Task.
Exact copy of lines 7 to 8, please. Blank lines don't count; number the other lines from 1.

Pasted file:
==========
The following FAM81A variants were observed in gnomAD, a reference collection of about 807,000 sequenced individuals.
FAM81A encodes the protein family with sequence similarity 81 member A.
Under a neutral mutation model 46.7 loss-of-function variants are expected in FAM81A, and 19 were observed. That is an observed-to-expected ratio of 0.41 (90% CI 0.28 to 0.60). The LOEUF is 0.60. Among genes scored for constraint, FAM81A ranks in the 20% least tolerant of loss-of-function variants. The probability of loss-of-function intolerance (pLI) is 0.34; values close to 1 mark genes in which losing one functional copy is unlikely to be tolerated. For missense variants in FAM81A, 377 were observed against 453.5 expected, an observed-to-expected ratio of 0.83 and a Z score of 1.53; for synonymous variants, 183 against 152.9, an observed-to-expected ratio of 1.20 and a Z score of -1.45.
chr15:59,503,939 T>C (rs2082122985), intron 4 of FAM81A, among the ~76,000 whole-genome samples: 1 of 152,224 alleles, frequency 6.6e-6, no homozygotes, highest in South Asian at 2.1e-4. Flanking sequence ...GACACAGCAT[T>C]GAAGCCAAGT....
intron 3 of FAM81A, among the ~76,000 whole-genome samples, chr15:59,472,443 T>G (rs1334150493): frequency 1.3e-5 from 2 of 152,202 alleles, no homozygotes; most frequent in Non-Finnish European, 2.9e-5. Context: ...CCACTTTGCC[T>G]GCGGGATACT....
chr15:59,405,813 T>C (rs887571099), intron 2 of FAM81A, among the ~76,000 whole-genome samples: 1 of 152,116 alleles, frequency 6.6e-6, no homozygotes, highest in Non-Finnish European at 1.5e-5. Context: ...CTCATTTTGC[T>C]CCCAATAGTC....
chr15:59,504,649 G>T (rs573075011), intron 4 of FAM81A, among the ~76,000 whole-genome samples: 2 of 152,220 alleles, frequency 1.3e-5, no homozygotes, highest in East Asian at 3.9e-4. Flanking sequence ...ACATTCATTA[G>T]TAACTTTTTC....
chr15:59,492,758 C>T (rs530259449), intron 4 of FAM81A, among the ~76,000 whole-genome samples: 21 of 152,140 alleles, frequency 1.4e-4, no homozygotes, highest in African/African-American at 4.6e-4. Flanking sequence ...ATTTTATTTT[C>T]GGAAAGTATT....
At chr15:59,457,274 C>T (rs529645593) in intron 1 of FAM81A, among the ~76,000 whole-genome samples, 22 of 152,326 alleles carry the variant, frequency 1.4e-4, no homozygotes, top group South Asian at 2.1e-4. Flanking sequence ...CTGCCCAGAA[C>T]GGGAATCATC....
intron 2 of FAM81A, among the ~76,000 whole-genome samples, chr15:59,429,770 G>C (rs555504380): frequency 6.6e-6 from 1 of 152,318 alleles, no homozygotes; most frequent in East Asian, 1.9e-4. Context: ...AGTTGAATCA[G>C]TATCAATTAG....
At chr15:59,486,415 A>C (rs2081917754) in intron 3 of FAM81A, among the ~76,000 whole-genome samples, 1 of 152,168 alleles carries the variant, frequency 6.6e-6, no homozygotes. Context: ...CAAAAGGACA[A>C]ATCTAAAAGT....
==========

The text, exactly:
chr15:59,504,649 G>T (rs573075011), intron 4 of FAM81A, among the ~76,000 whole-genome samples: 2 of 152,220 alleles, frequency 1.3e-5, no homozygotes, highest in East Asian at 3.9e-4. Flanking sequence ...ACATTCATTA[G>T]TAACTTTTTC....
chr15:59,492,758 C>T (rs530259449), intron 4 of FAM81A, among the ~76,000 whole-genome samples: 21 of 152,140 alleles, frequency 1.4e-4, no homozygotes, highest in African/African-American at 4.6e-4. Flanking sequence ...ATTTTATTTT[C>T]GGAAAGTATT....